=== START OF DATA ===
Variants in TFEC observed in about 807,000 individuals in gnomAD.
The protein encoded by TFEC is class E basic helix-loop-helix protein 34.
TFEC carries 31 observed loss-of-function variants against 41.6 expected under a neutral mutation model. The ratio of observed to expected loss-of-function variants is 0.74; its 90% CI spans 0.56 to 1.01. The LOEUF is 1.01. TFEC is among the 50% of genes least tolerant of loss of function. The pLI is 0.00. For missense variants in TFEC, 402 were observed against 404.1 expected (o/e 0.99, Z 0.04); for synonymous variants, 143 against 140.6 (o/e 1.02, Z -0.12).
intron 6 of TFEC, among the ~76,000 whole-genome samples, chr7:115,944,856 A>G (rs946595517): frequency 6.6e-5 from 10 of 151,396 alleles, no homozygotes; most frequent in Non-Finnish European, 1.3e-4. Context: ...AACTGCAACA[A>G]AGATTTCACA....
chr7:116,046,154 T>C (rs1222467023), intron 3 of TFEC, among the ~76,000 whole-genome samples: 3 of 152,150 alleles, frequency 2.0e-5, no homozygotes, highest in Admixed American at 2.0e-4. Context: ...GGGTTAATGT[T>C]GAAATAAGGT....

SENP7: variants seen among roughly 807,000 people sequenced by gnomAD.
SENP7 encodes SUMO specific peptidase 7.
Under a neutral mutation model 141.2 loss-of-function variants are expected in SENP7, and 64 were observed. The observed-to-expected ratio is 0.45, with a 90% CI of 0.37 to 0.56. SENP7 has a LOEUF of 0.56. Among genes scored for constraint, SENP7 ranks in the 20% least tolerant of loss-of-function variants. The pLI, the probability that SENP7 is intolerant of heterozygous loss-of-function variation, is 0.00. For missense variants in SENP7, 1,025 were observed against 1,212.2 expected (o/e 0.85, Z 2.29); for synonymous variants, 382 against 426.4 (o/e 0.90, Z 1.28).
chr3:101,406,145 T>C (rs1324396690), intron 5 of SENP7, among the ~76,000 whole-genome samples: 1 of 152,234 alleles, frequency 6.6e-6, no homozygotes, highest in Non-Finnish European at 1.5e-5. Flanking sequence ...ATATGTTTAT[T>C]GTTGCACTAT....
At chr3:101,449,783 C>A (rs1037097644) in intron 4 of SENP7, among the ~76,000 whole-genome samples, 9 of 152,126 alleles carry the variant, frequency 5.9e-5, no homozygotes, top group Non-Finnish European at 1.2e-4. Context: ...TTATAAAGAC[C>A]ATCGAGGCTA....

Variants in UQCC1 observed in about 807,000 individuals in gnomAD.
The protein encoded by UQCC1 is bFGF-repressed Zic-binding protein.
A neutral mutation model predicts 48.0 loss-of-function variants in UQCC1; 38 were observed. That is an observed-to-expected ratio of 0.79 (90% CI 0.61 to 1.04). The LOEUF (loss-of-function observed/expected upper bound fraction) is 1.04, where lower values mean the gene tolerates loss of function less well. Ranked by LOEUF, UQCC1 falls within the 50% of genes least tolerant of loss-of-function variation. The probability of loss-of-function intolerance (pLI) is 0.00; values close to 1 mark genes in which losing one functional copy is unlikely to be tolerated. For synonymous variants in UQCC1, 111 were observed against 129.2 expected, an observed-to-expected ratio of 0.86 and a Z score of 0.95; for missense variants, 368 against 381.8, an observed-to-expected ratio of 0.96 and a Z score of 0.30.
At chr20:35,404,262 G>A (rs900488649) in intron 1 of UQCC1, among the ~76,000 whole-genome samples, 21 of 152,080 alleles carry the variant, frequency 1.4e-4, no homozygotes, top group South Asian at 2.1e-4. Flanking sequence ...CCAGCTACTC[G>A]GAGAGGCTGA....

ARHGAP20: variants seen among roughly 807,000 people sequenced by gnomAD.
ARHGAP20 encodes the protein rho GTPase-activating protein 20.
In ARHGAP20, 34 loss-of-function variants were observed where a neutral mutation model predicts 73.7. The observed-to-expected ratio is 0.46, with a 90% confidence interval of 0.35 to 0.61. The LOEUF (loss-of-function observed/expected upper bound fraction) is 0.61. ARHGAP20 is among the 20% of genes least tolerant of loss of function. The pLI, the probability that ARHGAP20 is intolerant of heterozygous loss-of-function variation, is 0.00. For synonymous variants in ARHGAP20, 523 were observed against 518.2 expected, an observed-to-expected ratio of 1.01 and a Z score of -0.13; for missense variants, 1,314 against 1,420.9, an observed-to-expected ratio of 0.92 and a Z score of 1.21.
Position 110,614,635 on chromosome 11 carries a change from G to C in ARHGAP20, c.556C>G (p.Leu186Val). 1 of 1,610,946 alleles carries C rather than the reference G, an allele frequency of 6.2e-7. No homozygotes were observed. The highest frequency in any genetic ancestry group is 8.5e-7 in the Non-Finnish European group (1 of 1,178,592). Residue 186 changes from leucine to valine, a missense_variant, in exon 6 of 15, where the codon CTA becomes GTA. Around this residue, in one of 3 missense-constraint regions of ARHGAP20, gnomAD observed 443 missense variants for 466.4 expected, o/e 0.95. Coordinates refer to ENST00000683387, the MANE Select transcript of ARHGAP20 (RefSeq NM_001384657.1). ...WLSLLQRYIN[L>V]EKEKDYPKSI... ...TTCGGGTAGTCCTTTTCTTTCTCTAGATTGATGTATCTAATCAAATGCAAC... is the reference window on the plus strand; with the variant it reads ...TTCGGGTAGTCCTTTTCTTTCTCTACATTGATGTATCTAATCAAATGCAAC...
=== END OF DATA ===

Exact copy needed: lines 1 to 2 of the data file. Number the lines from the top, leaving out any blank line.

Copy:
Variants in TFEC observed in about 807,000 individuals in gnomAD.
The protein encoded by TFEC is class E basic helix-loop-helix protein 34.